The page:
The Space Reviewin association with SpaceNews

In creating a new direction for the US in space, Barack Obama could do well to pay heed of the lessons from a previous president. (credit:

President Obama’s space policy: learning from Eisenhower

Should Senator Barack Obama be inaugurated as president in January 2009, he will arrive in office with only the barest notion of the way he will deal with NASA and the commercial space industry.

Fifty years ago, on July 29, 1958, President Eisenhower signed the National Aeronautics and Space Act, and in so doing established the National Aeronautics and Space Administration. Eisenhower was motivated by the recent Soviet launch of Sputnik, and the seeming lack of capability to match the Russians within the United States military, which had been responsible for developing rocket programs to that time.

If Obama is tempted to look for a unique path for NASA during his first term, he could do worse than channeling his across-the-aisle predecessor in President Eisenhower.

When Eisenhower was born in 1890, the United States was a mostly inward-looking nation, 114 years old, that had been wracked just a generation earlier by civil war, but still held the ideals of the Founding Fathers as recent and relevant history. The potential of the nation—its “manifest destiny”—had been recognized as early as 1840 during the rush westwards, but George Washington, with the example of ancient Rome in mind, wrote in 1783: “…a large standing Army in time of Peace hath ever been considered dangerous to the liberties of a Country…” And, in his Farwell Address in 1796, he warned of foreign entanglements and for remaining neutral, and above the continual disagreements of the rest of the world:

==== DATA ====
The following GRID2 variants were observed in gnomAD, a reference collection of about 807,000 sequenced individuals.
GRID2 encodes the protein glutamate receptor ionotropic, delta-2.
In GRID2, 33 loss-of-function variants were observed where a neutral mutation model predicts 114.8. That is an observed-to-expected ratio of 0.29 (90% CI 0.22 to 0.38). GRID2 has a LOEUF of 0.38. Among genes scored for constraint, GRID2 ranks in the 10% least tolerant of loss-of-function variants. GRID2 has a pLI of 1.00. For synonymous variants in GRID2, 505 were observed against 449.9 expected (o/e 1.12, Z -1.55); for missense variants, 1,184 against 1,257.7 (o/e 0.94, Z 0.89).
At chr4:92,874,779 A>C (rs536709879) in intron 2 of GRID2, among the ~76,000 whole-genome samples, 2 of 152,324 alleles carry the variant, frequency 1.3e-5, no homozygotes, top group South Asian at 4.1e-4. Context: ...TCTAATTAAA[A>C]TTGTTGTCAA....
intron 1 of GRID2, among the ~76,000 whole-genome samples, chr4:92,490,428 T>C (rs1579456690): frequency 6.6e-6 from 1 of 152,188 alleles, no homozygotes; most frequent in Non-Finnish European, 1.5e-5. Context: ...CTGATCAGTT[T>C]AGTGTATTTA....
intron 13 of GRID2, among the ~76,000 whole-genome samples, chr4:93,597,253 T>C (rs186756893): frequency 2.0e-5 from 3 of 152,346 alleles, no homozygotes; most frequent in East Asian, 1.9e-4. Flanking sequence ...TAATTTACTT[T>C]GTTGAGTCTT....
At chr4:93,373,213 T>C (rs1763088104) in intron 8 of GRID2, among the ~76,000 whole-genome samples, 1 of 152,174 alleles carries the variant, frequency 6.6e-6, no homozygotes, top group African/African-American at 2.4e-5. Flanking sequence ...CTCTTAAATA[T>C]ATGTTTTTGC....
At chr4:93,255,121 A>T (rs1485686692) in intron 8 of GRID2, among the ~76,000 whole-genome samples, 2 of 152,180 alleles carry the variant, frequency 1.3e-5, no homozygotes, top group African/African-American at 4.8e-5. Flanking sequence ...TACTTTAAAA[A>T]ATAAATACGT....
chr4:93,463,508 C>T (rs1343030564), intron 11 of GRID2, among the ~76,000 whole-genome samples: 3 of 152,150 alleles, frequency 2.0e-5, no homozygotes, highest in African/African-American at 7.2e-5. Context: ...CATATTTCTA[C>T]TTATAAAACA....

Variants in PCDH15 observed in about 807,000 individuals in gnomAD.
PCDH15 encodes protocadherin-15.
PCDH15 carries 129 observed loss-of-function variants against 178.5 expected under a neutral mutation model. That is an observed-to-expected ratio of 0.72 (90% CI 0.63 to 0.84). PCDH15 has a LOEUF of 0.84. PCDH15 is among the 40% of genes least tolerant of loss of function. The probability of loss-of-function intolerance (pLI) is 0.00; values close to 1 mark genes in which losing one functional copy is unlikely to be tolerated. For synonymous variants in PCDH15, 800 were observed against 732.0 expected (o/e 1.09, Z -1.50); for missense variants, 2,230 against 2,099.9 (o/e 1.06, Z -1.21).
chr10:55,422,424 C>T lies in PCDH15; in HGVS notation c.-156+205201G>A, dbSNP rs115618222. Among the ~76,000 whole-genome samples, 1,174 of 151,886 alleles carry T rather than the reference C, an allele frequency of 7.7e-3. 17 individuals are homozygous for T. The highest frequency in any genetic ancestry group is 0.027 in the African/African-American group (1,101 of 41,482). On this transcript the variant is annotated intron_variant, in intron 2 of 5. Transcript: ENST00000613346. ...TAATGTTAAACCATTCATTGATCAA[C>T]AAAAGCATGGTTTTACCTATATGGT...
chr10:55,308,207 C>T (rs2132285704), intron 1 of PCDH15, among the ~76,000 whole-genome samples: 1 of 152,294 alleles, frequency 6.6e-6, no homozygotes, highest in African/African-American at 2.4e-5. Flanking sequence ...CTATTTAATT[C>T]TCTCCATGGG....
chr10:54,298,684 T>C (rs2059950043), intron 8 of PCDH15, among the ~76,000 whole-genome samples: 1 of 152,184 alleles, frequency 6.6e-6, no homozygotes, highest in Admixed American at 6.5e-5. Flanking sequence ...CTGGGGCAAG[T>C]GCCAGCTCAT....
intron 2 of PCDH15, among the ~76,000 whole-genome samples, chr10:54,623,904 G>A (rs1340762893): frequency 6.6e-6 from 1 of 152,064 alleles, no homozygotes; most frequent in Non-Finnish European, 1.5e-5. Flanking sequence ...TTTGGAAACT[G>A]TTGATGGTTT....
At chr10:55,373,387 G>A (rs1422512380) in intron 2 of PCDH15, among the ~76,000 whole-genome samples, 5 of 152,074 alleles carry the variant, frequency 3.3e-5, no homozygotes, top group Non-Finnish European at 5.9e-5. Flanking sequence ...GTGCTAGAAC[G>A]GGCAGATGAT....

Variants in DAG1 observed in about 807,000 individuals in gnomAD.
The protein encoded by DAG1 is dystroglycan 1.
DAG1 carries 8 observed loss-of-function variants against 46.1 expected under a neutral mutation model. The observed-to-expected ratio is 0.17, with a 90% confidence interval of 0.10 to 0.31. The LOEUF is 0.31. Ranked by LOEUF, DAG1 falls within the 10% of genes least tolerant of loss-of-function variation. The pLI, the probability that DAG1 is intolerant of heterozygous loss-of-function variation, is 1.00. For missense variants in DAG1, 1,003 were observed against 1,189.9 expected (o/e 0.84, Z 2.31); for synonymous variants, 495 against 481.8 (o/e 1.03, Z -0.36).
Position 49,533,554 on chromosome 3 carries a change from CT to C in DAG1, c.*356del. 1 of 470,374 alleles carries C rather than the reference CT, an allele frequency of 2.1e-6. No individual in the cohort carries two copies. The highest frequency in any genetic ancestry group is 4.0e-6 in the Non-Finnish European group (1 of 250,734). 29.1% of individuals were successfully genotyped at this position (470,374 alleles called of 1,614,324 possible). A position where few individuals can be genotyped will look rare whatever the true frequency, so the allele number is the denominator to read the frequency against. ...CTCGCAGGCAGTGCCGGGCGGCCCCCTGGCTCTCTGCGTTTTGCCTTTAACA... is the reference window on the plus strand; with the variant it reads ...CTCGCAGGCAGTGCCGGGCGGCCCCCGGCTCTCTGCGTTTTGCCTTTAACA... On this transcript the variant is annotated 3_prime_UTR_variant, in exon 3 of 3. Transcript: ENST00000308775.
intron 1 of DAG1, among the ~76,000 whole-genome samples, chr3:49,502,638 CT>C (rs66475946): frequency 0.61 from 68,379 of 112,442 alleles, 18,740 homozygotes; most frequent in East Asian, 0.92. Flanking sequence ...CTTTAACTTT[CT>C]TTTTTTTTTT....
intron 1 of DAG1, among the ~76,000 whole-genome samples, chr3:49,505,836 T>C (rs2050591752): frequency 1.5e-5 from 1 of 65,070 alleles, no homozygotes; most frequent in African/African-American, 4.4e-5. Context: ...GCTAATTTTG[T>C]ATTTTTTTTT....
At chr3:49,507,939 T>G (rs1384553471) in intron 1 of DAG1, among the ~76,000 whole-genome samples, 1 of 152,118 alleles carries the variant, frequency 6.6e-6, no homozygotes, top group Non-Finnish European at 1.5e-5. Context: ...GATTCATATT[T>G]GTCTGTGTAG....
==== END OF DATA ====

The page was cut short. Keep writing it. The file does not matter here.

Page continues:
“Our detached and distant situation invites and enables us to pursue a different course. If we remain one people, under an efficient government, the period is not far off, when we may defy material injury from external annoyance; when we may take such an attitude as will cause the neutrality, we may at any time resolve upon, to be scrupulously respected; when belligerent nations, under the impossibility of making acquisitions upon us, will not lightly hazard the giving us provocation; when we may choose peace or war, as our interest, guided by justice, shall counsel.”

When Eisenhower was born in northeast Texas in 1890, the United States had not yet fought the Spanish-American war, which led to the acquisition of the Philippines, Guam, Puerto Rico, and Cuba. As the Supreme Commander of Allied forces in Europe during World War 2, Eisenhower was well aware that during his lifetime, the United States had morphed from a country with virtually no foreign entanglements to the single most powerful nation in the world and the “arsenal of democracy”, as Franklin Roosevelt put it.

In Eisenhower’s farewell address, broadcast on television on January 7, 1961, the departing president and former general chose to address what he saw as future perils for the nation he had served since his enlistment in 1915:

“In the councils of government, we must guard against the acquisition of unwarranted influence, whether sought or unsought, by the military-industrial complex. The potential for the disastrous rise of misplaced power exists and will persist. We must never let the weight of this combination endanger our liberties or democratic processes.”

Today, the military-industrial complex Eisenhower first identified is composed of three parts: the military, the corporations that service the military, and Congress. They have become so deeply entwined in an iron triangle that it is difficult to treat one corner without affecting the other.